The dinner of city life was still called supper in the South, and Harry hastened to his room to prepare. His heart began to throb with excitement. Now they were to have visitors at night and a mysterious stranger was there. He felt dimly the advance of great events.

Harry Kenton was a normal and healthy boy, but the discussions, the debates, and the passions sweeping over the Union throughout the year had sifted into Pendleton also. The news today had merely struck fire to tinder prepared already, and, infused with the spirit of youth, he felt much excitement but no depression. Making a careful toilet he descended to the drawing room a little before the regular time. Although he was early, his father was there before him, standing in his customary attitude with his back to the hearth, and his hands clasped behind him.

"Our guest will be down in a few minutes," said Colonel Kenton. "He comes from Charleston and his name is Raymond Louis Bertrand. I will explain how he is related to us."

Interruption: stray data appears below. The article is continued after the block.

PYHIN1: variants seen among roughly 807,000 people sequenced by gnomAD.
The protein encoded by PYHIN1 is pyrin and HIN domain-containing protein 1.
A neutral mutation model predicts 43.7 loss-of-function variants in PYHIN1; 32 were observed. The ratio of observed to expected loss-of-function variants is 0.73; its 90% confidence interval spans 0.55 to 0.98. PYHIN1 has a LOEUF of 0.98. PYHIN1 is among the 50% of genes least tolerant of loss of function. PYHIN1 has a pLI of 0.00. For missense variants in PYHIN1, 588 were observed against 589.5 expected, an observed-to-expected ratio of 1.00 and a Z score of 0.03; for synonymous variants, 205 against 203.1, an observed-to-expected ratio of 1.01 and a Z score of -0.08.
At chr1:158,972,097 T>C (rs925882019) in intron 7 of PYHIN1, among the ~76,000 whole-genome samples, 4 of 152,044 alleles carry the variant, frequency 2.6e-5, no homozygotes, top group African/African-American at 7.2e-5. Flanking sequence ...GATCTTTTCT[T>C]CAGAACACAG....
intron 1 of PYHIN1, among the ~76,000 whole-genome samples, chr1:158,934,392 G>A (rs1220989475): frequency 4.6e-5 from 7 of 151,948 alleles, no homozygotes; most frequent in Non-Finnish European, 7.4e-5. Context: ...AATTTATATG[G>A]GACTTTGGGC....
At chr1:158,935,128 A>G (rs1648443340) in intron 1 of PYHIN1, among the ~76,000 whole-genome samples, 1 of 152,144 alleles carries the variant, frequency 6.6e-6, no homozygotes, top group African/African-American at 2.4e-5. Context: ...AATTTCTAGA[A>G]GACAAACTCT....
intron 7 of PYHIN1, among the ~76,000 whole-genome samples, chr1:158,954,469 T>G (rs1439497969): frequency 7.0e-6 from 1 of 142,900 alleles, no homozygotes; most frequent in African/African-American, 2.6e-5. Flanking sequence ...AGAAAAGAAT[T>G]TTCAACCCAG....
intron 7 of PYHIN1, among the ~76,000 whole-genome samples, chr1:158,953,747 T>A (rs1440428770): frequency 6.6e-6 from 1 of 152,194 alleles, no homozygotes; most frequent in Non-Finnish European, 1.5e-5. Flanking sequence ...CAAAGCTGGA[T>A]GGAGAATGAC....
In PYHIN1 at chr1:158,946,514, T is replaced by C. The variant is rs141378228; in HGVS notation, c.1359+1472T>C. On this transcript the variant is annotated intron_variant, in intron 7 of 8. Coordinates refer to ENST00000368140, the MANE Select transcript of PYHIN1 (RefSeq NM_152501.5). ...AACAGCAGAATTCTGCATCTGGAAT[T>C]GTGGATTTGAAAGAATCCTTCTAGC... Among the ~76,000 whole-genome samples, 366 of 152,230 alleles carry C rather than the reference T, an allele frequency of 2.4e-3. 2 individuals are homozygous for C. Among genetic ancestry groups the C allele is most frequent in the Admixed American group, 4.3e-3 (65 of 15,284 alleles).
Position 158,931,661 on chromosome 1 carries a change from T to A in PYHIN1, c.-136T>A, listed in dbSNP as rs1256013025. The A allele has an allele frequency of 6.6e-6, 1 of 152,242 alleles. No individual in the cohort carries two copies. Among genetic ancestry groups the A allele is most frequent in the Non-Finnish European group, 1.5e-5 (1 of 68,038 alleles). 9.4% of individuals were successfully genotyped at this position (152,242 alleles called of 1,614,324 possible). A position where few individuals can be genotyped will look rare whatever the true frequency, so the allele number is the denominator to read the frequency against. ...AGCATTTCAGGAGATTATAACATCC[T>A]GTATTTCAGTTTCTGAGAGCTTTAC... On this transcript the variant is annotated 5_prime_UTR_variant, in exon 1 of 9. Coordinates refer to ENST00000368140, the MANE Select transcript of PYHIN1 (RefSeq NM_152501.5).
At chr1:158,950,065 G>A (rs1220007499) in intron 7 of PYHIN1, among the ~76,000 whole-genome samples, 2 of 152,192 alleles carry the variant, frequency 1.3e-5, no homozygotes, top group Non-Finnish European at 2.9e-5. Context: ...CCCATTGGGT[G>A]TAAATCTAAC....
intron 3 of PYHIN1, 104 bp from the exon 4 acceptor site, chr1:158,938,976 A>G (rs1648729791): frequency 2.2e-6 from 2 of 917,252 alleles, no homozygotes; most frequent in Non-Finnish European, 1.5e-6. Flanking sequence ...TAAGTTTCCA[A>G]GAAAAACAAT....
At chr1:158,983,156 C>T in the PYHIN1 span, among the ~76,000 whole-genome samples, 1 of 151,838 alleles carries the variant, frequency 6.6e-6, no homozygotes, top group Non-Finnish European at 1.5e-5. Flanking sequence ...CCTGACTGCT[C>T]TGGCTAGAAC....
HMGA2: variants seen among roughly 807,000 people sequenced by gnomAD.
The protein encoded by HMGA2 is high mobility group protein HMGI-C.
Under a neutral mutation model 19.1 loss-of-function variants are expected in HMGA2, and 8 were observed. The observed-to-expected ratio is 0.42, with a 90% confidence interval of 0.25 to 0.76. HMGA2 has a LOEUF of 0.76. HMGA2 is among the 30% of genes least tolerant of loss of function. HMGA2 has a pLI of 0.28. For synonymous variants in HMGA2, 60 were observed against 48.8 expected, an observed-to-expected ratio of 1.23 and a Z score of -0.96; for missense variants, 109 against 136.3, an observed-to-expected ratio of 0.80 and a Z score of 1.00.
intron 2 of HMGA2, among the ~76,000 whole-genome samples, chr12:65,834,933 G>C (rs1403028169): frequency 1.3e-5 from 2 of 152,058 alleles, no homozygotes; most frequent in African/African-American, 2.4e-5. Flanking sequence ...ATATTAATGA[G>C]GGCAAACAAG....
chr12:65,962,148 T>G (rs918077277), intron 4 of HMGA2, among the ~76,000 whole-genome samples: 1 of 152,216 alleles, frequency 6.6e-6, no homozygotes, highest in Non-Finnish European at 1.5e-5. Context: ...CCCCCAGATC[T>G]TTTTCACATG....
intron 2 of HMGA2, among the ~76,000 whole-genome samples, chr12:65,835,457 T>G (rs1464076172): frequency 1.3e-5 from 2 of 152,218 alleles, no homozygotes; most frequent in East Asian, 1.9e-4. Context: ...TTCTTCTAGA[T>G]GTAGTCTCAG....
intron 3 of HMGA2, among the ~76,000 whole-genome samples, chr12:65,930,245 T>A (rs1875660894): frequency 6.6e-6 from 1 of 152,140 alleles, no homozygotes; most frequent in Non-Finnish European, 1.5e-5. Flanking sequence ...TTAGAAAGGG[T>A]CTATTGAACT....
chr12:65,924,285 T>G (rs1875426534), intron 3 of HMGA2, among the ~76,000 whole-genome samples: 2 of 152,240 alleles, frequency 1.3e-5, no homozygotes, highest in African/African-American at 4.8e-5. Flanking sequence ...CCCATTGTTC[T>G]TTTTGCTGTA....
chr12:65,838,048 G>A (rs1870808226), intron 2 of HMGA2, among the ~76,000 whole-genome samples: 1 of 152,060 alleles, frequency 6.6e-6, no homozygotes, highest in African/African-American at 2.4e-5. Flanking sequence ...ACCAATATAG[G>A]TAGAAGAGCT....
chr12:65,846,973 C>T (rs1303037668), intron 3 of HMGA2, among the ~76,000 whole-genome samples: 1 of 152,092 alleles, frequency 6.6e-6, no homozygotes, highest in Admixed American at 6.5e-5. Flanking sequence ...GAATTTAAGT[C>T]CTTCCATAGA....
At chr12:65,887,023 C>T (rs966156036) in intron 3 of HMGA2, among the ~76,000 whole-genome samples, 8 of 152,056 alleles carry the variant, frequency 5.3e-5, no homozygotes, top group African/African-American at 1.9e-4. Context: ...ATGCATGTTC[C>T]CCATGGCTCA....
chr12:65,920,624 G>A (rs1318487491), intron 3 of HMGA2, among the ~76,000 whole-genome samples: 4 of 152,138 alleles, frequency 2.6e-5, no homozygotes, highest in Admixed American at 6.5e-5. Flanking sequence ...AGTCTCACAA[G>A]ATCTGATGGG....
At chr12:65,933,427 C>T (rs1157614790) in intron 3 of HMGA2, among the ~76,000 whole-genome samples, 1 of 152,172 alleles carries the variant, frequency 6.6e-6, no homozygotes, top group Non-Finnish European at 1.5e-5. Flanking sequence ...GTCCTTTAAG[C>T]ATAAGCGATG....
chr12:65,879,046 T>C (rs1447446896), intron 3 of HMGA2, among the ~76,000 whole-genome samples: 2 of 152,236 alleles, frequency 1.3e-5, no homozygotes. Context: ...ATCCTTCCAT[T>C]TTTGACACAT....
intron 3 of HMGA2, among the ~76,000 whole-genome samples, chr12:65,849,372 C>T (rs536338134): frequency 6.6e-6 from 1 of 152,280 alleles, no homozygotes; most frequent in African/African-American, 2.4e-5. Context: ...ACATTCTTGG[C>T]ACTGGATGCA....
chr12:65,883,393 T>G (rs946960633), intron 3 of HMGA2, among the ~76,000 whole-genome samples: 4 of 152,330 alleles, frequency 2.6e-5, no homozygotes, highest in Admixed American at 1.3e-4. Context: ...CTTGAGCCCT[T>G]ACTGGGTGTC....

He gave a chain of cousins extending on either side from the Kenton family and the Bertrand family until they joined in the middle. It was a slender tie of kinship, but it sufficed in the South. As he finished, Bertrand himself came in, and was introduced formally to his Kentucky cousin. Harry would have taken him for a Frenchman, and he was, in very truth, largely of French blood. His black eyes and hair, his swarthy complexion, gleaming white teeth and quick, volatile manner showed a descendant of France who had come from the ancient soil by way of Hayti, and the great negro rebellion to the coast of South Carolina. He seemed strange and foreign to Harry, and yet he liked him.